Do you remember the girl who cried “wolf”?
You do? Okay, good. Now, imagine there are hundreds, thousands of those girls in Washington D.C… and around the country.
These girls are constantly warning of danger that does not exist.
You can often find these pigtails in the establishment media and Democratic politics (oh wait, I guess I’m being a bit redundant there. My apologies).
Remember when so many were concerned with the “scandalous” firing of FBI Director James Comey?
News reporters immediately screamed “scandal!” and told readers that Donald Trump fired Comey in an attempt “to squash an FBI probe into former national security adviser, Michael T. Flynn.”
According to The Daily Wire:
Trump held Comey by the ankles — upside down — out the window of the White House’s Lincoln Bedroom as he quoted lines from Scarface, reports said.
No, that didn’t happen. Here’s what Trump is said to have said to Comey, according to a memo Comey did not provide to anyone: “I hope you can let this go.” Smoke alarm! Run away! We’re all going to die!…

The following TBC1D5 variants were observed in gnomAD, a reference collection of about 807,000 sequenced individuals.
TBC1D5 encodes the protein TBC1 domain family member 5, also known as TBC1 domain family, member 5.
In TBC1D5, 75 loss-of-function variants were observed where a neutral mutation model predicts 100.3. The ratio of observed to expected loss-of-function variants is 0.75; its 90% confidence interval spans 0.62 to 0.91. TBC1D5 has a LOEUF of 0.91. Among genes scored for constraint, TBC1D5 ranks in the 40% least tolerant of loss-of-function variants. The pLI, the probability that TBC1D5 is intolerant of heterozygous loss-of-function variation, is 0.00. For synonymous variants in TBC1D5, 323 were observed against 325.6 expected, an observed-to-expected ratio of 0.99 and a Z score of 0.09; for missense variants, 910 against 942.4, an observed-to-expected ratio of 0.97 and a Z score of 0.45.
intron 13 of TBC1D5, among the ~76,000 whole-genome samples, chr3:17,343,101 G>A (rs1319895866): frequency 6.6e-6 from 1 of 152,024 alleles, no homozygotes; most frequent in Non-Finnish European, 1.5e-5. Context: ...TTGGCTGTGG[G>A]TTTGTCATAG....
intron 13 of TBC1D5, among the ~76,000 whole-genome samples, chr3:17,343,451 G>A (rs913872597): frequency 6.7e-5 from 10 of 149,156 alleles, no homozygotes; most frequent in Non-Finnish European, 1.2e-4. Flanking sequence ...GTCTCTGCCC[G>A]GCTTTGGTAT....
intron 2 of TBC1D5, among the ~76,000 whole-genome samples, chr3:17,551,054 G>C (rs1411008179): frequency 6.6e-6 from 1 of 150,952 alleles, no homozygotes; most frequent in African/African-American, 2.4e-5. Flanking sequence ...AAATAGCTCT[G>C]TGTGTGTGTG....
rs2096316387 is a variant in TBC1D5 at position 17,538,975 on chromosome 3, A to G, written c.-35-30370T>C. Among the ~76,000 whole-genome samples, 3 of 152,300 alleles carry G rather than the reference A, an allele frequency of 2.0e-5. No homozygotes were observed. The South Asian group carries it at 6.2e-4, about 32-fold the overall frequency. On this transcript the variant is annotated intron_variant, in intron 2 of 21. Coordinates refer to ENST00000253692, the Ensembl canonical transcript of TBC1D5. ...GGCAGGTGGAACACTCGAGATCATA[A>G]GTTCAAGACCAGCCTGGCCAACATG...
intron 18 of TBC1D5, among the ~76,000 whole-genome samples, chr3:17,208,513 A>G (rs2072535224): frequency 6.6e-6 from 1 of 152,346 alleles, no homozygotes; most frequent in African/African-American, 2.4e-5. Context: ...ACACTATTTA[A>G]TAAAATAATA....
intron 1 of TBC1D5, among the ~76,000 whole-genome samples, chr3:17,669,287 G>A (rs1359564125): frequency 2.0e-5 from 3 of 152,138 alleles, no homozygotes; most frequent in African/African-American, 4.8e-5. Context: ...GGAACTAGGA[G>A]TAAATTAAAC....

…The New York Times published the memo story on Tuesday, citing “two people who read the memo.”
Two people read the memo that Comey never gave them.
And, for as credible as those random memos that surface from thin air are, the Senate Judiciary Committee decided to go directly to the source and ask Comey if he’s ever “been pressured to close an investigation for political purposes.”
Was Comey ever pressured to close an investigation?
According to Comey, no.
“Not in my experience. Because it would be a big deal to tell the FBI to stop doing something like that — without an appropriate purpose.”
“I mean where oftentimes they give us opinions that ‘We don’t see a case there and so you ought to stop investing resources in it.’ But I’m talking about a situation where we were told to stop something for a political reason.”
“That would be a very big deal. It’s not happened in my experience,” Comey told the senators.
Yes, indeed. That would be a very big deal.
And his testimony certainly suggests the bogus nature of the memo.